I’ve always been what you would call an environmentally conscious person. It’s just the way I was brought up. My dad has been known to go around our home not only turning things off, but actually unplugging them. See, even when something is plugged in it is actually draining minute amounts of energy. Being an environmentally sound person encompasses a lot of things, even as minute as not littering, to something more complex like efficient resource management.
Being green is not a type of person; it’s not something one does for fun in their spare time. Thinking sustainably is something that every person and every business needs to be doing. It is an essential. We eat to survive. Being environmentally responsible is a necessity for our survival. If we do not act in sustainable ways then how are we supposed to go forth? It’s a serious topic that gets a lot of attention and yet it is not enough attention. One particular aspect that many people overlook and I myself overlooked for quite some time is electronic waste.
Technology is advancing faster and faster every day. This means that items such as our phones, printers, computers, TVs, microwaves, etc. are becoming obsolete faster and faster. Well the problem is one can’t just throw these items out in the trash. The bigger problem is most people do. The even bigger problem is that most people don’t know that they shouldn’t or don’t know why they shouldn’t.
Electronic waste, otherwise known as e-waste, contains things harmful to not only our environment but the human body. These hazards include mercury, lead, arsenic, and a whole lot more things that cause cancer in humans. A poignant article on Green-blog.org puts it this way, “In the process of taking apart the electronics, these overseas workers are exposed to dangerous toxins, putting themselves, their families and their environment at risk. These toxins include heavy metals such as lead, beryllium and mercury, as well as chlorinated solvents, flame retardants and polyvinyl chloride (PVC). These are all deadly chemicals. Why should people in developing countries have to pay for the greed of our wasteful consumer society?”
Let’s stop letting these chemicals leech into our environment and into our bodies. Let’s recycle our e-waste! We can reuse the precious metals and keep our home nice and clean. Everyone from individual citizens to companies of any size should be properly recycling all of their e-waste. Check your local listings to find out a place near you.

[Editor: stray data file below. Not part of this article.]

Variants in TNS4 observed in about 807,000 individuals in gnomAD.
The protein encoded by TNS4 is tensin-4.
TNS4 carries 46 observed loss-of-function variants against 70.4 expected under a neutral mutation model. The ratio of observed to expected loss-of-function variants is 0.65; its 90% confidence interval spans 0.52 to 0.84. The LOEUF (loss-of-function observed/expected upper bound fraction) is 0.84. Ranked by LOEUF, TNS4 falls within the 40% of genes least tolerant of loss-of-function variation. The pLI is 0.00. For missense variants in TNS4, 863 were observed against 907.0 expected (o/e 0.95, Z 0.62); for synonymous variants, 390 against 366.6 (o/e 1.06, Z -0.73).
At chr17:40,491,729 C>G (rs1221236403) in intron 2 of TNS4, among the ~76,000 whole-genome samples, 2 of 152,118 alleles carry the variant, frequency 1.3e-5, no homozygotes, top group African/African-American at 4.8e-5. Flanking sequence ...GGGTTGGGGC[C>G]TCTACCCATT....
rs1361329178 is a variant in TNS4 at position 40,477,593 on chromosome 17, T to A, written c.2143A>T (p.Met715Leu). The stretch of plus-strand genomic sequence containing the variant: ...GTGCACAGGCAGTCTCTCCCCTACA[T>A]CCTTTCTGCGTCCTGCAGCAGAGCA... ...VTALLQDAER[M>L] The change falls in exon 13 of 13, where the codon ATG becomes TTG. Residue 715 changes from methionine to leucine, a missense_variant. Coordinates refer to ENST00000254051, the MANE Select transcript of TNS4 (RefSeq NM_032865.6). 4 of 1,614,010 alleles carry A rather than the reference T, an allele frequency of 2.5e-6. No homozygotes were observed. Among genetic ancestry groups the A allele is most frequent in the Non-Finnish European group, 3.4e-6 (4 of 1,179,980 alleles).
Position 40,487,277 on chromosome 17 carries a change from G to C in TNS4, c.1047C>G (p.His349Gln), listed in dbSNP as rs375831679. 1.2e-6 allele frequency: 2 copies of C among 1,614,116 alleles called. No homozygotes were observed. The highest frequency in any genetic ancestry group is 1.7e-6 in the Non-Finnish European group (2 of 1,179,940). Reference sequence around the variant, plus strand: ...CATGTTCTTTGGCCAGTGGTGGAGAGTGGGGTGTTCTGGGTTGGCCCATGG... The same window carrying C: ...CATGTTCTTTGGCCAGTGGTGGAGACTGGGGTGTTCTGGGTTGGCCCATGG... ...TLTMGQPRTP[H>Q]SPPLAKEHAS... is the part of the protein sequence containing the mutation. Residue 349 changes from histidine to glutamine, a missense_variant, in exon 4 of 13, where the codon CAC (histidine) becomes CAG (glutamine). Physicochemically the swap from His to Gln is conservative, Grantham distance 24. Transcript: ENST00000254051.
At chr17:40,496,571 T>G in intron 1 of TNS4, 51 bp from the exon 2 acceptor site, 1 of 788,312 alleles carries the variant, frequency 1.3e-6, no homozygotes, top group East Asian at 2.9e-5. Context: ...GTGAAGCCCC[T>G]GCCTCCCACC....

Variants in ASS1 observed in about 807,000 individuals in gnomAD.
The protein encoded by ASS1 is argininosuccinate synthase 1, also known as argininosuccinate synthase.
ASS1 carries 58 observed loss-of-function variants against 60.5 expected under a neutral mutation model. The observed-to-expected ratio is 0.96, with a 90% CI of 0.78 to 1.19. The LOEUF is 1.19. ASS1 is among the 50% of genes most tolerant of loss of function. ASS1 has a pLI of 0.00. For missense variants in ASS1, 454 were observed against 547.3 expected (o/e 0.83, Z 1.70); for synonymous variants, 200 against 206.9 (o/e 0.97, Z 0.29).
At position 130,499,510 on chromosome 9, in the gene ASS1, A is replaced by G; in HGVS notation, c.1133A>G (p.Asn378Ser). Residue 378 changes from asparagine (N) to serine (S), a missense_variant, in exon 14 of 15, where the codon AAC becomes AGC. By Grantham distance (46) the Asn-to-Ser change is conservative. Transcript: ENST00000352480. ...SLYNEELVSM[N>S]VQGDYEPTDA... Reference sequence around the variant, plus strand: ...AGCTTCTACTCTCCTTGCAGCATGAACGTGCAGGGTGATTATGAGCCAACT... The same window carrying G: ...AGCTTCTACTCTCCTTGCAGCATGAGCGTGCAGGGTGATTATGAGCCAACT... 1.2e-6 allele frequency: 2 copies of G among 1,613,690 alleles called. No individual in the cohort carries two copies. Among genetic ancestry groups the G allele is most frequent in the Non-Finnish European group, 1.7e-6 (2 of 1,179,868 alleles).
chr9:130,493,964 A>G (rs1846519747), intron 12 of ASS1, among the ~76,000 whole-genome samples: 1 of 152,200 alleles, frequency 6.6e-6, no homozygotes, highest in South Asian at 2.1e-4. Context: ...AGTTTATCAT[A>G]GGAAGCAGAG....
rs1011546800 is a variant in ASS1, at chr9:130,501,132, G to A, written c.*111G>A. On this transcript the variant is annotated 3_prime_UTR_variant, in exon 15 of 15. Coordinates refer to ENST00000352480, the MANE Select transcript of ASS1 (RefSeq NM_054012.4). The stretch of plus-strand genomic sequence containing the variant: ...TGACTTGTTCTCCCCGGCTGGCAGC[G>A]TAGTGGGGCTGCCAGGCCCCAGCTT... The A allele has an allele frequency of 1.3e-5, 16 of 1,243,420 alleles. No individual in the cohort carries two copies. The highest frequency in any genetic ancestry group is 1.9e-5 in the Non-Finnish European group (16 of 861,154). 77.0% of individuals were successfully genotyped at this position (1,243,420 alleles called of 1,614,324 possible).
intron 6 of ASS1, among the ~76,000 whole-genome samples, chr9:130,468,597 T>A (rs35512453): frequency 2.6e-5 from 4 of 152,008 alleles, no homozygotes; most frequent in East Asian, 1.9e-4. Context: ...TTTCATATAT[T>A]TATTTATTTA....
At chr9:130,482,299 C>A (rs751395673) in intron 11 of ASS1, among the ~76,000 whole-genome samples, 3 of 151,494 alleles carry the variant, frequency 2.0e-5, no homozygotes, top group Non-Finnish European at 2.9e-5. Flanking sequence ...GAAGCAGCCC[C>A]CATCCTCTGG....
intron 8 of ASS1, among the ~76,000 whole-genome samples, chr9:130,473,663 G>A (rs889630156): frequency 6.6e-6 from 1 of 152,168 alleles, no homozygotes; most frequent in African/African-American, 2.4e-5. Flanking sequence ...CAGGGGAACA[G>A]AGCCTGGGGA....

Anyone in or around the New York area should check out 4th Bin. They have been issued an e-Stewards certification. “Certified e-Stewards recyclers adhere to the e-Stewards Standard for Responsible Recycling and Reuse of Electronic Equipment®; written by the environmental community with leaders in the industry to protect human health and the global environment.” This is important because a good amount of places that claim to recycle ship the e-waste overseas where the metals are reused but the chemicals still leech into our environment.
e-Stewards make sure that e-cycling is carried out to the highest standards. 4th Bin is one of the great mindful companies bringing us into the future. Tuesday March 27th 4th Bin will be attending the CBSAC/NY hosted event, “Cash for Trash.” The CBSAC/NY (Columbia Business School Alumni Club of New York) “Provide convenient networking opportunities that encourage members to get acquainted, forge business contacts, make new friends, keep up with old friends, have fun, facilitate access, and pursue shared interests in a stimulating, receptive, supportive, and collegial environment.”
Cash for Trash will be held at PricewaterhouseCoopers, LLP 300 Madison Avenue, PwC Auditorium SW Corner of 42nd Street from 5:30 – 9:00. CBSAC/NY members will receive a discounted entrance fee. Registration in advance is suggested and cheaper. There will be networking and exploring opportunities to turn trash into money through proper recycling. Artists and furniture designers have even figured out how to make money from electronic waste! So remember, recycle your electronic waste, don’t spread cancer.